Nevada sisters facing possible deportation to be released from LA

Associated Press
Jan 28 2005

Nevada sisters facing possible deportation to be released from LA

LOS ANGELES – Immigration officials agreed late Thursday to release
into their father’s custody two Armenian teenage sisters facing
possible deportation, overriding a federal judge’s ruling that the
two must remain at a Los Angeles immigration facility.

Earlier Thursday, U.S. Magistrate Judge Robert Johnston in Las Vegas
said he could find no legal basis to return Emma Sarkisian, 18, and
her sister Mariam, 17, to their family while their deportation case
is pending.

“I have to have the law, have to have some authority” to issue such
an order, Johnston said. “As I read the law, I don’t have any

Late Thursday, however, Immigration and Customs Enforcement
spokeswoman Virginia Kice confirmed that officials had agreed to
release the girls to their father, who is a legal resident. She said
they would be handed over on Friday.

“We’ve thoroughly reviewed the case and have decided based on
humanitarian reasons to release them,” Kice told The Associated
Press. “This doesn’t convey any legal immigration status on them.”

Kice said the girls would be allowed to return to Las Vegas but had
not been given permanent authorization to remain in the United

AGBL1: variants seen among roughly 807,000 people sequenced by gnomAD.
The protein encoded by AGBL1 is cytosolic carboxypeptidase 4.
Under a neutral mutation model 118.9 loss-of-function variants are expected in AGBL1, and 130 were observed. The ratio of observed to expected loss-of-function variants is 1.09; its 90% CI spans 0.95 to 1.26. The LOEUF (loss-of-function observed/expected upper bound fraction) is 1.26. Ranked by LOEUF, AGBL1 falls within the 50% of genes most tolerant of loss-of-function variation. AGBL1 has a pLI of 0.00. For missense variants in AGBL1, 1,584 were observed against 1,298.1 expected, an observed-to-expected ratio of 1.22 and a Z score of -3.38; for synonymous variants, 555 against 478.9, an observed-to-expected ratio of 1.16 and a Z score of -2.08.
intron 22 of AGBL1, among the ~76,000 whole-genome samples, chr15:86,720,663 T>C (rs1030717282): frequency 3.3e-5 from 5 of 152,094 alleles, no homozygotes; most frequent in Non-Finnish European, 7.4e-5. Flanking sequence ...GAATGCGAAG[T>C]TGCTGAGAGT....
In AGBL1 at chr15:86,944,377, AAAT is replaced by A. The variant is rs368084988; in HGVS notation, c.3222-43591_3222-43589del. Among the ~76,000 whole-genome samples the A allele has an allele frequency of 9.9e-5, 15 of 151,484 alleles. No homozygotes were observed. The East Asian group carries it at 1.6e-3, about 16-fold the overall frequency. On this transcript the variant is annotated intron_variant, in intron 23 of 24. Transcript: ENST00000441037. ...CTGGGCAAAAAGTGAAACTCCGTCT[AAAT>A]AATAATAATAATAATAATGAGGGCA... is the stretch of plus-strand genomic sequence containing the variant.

“ICE will continue to review the case,” she said. It was unclear
whether the two would be able to work while they awaited a final
decision on their status.

Their father, who runs the Tropicana Pizza restaurant in Henderson,
Nev., said after the decision the process is keeping him on an
emotional roller-coaster.

“It’s like life – one time up, one time down,” Rouben Sarkisian told
the Las Vegas Sun.

Johnston said he’ll schedule a hearing to determine if the girls will
be deported after lawyers file additional arguments on Tuesday.

The federal government had threatened to deport the sisters to
Armenia, the country in which they were born but barely know. In
1991, the sisters moved to the United States with their parents, who
later divorced. Although their father became a legal resident, his
ex-wife did not. The girls were ordered deported in 1993 and attempts
to make their status legal were blocked when the order was

They have since become involved in a lengthy appeals process.

If their father becomes a U.S. citizen he could petition for their

On Wednesday, Senate Minority Leader Harry Reid, D-Nev., called
Homeland Security Secretary Tom Ridge and asked for “personal
attention” in the Sarkisian case.

Tessa Hafen, spokeswoman for Reid, said the senator “is fairly
confident this will reach resolution,” with the girls being allowed
to stay in the country.